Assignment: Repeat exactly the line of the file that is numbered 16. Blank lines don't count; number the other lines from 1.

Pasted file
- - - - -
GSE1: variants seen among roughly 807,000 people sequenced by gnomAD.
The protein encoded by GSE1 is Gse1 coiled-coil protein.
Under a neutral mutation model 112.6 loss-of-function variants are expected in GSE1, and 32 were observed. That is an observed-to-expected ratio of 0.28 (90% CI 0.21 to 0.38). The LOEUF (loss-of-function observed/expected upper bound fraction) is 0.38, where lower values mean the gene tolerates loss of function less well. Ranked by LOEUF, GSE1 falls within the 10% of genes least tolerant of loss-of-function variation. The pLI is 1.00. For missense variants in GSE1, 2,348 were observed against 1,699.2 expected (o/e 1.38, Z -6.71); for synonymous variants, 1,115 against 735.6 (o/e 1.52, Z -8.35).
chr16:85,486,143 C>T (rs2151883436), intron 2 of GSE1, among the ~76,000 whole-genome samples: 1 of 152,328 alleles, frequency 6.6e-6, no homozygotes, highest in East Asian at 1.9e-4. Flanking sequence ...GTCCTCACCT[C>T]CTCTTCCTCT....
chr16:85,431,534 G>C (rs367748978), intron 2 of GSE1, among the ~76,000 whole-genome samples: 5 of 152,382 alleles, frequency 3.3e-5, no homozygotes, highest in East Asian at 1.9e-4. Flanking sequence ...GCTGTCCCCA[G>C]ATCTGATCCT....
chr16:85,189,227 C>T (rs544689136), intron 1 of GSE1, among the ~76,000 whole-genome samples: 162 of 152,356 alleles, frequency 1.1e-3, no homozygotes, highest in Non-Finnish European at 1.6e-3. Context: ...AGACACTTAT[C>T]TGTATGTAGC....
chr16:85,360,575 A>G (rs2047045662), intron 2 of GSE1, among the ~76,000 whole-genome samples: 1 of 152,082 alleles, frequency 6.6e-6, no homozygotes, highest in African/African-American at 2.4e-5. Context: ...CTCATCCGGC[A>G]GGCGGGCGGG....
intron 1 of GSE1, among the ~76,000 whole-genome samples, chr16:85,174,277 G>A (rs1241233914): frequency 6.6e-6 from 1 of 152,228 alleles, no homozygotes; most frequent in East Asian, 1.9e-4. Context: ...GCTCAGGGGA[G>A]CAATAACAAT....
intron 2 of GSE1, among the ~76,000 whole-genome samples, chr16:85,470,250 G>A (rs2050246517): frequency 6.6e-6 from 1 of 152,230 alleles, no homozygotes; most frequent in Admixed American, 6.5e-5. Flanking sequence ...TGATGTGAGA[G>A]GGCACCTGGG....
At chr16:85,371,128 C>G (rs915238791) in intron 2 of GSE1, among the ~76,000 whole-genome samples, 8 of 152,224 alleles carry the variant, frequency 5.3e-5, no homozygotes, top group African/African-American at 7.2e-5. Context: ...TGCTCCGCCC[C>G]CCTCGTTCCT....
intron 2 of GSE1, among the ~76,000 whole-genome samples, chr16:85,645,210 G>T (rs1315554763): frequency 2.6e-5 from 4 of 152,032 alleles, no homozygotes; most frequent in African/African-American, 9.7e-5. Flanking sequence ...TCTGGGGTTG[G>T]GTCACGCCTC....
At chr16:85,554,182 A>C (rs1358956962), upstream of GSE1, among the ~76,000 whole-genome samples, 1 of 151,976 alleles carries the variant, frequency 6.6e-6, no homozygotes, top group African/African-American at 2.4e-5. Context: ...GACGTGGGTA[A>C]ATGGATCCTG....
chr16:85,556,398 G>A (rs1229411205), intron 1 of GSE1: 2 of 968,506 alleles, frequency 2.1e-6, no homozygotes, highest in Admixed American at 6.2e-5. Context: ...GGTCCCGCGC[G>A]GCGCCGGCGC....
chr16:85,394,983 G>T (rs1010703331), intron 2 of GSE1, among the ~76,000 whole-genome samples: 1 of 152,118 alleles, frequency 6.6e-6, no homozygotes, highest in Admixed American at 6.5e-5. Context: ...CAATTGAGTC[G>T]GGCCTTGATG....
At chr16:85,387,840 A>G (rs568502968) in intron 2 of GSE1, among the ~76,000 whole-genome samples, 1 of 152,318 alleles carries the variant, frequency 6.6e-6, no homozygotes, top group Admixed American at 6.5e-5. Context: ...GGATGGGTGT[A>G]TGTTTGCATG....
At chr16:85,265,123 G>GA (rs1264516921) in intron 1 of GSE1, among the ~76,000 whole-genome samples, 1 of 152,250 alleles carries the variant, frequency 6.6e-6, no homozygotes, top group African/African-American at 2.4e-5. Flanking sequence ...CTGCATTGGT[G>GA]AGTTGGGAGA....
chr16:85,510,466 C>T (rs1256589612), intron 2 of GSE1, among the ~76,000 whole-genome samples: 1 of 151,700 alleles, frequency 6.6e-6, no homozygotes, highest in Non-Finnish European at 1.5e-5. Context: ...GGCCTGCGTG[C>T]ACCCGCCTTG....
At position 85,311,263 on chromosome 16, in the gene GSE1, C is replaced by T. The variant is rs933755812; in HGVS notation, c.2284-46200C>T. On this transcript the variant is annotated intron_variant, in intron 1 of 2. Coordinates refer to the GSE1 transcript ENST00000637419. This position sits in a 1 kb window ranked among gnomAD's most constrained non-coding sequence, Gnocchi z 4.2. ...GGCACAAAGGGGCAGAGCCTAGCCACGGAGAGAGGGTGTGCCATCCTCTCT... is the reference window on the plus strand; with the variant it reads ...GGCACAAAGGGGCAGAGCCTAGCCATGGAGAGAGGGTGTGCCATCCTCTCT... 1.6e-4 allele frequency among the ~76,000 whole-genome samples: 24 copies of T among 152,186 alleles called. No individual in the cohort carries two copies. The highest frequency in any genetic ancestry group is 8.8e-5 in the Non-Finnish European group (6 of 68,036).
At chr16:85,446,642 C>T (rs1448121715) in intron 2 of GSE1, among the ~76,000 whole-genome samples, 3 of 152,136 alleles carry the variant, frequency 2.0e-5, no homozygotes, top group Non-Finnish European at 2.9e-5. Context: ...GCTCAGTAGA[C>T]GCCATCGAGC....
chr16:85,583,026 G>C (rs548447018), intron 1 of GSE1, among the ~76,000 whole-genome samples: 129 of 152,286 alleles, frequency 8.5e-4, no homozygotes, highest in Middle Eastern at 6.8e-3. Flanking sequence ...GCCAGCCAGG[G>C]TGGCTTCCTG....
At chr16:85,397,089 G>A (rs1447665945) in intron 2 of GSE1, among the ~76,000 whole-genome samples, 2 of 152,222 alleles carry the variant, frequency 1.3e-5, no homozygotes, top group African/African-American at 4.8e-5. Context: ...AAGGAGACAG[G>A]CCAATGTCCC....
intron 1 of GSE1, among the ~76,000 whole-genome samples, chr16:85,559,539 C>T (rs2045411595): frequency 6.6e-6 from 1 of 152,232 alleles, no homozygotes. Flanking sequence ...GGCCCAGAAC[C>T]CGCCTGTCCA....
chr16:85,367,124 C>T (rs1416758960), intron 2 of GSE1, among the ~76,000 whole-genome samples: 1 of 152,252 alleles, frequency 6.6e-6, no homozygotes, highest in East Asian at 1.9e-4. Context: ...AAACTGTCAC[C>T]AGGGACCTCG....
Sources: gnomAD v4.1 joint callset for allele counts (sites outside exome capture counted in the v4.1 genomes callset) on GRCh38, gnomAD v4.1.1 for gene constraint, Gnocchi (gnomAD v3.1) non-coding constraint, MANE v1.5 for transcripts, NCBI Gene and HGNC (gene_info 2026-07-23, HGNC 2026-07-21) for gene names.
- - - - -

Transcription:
At chr16:85,265,123 G>GA (rs1264516921) in intron 1 of GSE1, among the ~76,000 whole-genome samples, 1 of 152,250 alleles carries the variant, frequency 6.6e-6, no homozygotes, top group African/African-American at 2.4e-5. Flanking sequence ...CTGCATTGGT[G>GA]AGTTGGGAGA....